I have seen the problem from a different perspective.  I have been in the unique position of teaching nearly 8,000 women over some ten years in more than 20 states how to shoot a handgun for self-defense.  As a result, I have had a chance to witness powerful attitude changes in most of these newly trained women.  Whether they are 20 or 50 years old, they usually come to my seminars with enormous trepidation, a sense that guns are somehow evil, a tool of the Devil.  I always applaud them for breaking through a gigantic mental barrier to learn how to use a piece of equipment—that is all a gun is—that has long been an instrument of power.

When a woman first grips a loaded gun, her palms sweat, and her heart races.  When she fires that first shot into a paper target, her “startle reflex” is activated by the gun’s blast and its “kick.”  After firing round after round, though, she realizes that she controls the tool—the weapon does not control her.  She is in charge, and, for some, it is for the first time in their lives.  A few women are so excited that they hoot and yell, “You go, girl.  Don’t mess with us!”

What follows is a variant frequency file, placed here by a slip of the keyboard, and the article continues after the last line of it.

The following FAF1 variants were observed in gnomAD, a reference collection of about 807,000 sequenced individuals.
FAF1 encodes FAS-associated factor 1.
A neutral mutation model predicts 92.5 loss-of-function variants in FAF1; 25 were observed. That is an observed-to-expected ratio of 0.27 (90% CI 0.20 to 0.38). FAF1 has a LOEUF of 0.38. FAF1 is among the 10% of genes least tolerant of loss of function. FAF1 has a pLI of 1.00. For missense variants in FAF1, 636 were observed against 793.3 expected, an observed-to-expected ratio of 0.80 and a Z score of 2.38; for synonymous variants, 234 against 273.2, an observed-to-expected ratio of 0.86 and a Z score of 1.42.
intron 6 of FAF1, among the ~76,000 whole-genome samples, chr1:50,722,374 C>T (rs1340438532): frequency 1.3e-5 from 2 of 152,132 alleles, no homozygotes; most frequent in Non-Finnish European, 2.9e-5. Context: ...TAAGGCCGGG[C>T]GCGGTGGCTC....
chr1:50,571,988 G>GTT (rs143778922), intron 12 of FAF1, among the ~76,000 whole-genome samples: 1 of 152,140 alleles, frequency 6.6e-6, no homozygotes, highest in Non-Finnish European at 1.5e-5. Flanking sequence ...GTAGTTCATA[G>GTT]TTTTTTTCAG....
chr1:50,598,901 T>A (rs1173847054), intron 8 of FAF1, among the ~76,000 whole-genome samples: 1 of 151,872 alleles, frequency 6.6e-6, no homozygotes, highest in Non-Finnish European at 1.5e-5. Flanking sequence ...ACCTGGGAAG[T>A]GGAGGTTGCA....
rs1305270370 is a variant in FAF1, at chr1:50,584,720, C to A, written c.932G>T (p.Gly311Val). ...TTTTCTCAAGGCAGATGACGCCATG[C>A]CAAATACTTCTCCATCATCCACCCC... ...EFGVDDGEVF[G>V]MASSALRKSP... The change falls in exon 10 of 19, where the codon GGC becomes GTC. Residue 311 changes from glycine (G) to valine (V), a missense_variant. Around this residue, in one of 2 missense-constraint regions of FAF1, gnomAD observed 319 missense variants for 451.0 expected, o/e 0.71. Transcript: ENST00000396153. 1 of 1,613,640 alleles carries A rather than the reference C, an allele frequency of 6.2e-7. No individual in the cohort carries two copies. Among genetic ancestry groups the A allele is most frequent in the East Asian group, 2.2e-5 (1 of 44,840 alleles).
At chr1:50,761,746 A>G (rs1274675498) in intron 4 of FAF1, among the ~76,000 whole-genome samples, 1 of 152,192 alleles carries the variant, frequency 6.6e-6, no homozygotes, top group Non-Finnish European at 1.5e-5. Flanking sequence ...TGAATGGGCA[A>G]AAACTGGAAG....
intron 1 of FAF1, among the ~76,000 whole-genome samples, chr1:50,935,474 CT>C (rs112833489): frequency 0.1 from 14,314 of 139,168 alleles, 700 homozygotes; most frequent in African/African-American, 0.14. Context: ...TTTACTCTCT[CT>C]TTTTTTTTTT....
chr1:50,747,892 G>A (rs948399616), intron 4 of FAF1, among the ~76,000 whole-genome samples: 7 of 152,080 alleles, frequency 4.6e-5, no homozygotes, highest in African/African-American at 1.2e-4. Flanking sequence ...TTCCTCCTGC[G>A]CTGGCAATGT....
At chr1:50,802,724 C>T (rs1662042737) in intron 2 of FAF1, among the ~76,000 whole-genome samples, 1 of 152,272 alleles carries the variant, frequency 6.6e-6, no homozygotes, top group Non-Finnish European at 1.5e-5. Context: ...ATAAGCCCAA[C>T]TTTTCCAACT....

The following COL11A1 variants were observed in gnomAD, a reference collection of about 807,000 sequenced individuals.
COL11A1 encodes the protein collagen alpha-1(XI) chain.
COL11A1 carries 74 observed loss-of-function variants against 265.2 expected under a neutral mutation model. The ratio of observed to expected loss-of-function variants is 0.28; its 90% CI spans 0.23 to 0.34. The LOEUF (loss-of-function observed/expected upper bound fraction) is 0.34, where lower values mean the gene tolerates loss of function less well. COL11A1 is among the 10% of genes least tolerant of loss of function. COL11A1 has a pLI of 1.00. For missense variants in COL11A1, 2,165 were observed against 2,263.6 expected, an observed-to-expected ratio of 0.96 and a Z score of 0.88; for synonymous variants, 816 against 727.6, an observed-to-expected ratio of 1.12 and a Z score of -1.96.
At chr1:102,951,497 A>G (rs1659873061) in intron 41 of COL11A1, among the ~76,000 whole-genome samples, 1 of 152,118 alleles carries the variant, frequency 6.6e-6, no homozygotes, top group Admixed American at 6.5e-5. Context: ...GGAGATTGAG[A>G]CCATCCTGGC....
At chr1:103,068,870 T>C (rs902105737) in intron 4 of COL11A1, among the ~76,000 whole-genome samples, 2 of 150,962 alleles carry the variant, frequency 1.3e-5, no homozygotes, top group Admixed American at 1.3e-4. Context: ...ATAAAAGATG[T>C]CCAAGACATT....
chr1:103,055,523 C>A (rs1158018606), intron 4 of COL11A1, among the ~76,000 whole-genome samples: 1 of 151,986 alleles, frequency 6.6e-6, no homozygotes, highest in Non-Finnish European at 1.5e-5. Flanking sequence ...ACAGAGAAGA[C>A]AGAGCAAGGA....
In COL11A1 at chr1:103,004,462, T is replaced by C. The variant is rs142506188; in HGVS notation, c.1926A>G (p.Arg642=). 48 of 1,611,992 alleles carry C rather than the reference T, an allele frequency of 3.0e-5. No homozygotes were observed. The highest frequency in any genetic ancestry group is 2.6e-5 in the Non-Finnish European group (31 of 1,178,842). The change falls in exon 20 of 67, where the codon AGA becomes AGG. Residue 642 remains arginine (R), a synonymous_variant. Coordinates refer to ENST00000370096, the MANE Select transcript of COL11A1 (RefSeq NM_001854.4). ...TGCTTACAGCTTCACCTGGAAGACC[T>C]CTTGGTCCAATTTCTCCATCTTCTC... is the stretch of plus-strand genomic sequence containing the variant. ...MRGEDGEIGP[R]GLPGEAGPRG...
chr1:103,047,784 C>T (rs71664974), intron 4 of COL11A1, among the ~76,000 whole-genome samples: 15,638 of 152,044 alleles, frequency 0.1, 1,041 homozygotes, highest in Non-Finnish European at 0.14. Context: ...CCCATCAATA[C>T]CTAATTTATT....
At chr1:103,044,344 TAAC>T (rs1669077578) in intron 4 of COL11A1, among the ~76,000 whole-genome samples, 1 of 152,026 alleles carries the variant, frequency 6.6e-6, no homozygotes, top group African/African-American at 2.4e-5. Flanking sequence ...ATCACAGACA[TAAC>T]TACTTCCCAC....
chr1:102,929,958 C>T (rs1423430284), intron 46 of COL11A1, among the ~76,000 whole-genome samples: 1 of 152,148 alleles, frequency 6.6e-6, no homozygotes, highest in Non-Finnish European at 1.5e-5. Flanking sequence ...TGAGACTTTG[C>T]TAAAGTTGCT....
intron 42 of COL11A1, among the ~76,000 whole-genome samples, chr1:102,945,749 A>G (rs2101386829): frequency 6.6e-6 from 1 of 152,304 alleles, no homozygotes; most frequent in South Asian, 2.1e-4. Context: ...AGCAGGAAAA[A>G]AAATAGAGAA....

That is what the 50 women at Mount Holyoke College, an Ivy League women’s institution, pronounced implicitly when they started the first college chapter of the Second Amendment Sisters, a national pro-gun women’s organization, in March 2002.  The group motivated impassioned exchanges in the student newspaper and on e-mail chat groups.  “You can’t achieve power by using guns,” exclaimed Jean Grossholtz, an emeritus professor at the college and chairman of the women’s studies program.  “When women can take their rightful place in the world as who they are, not as little make-believe men, that’s women’s liberation.”  The presence of the Second Amendment Sisters caused the college president, Beverly Daniel Tatum, to issue a special statement reassuring alumnae that members of the women’s group do not carry guns on campus.  That, of course, would violate state law.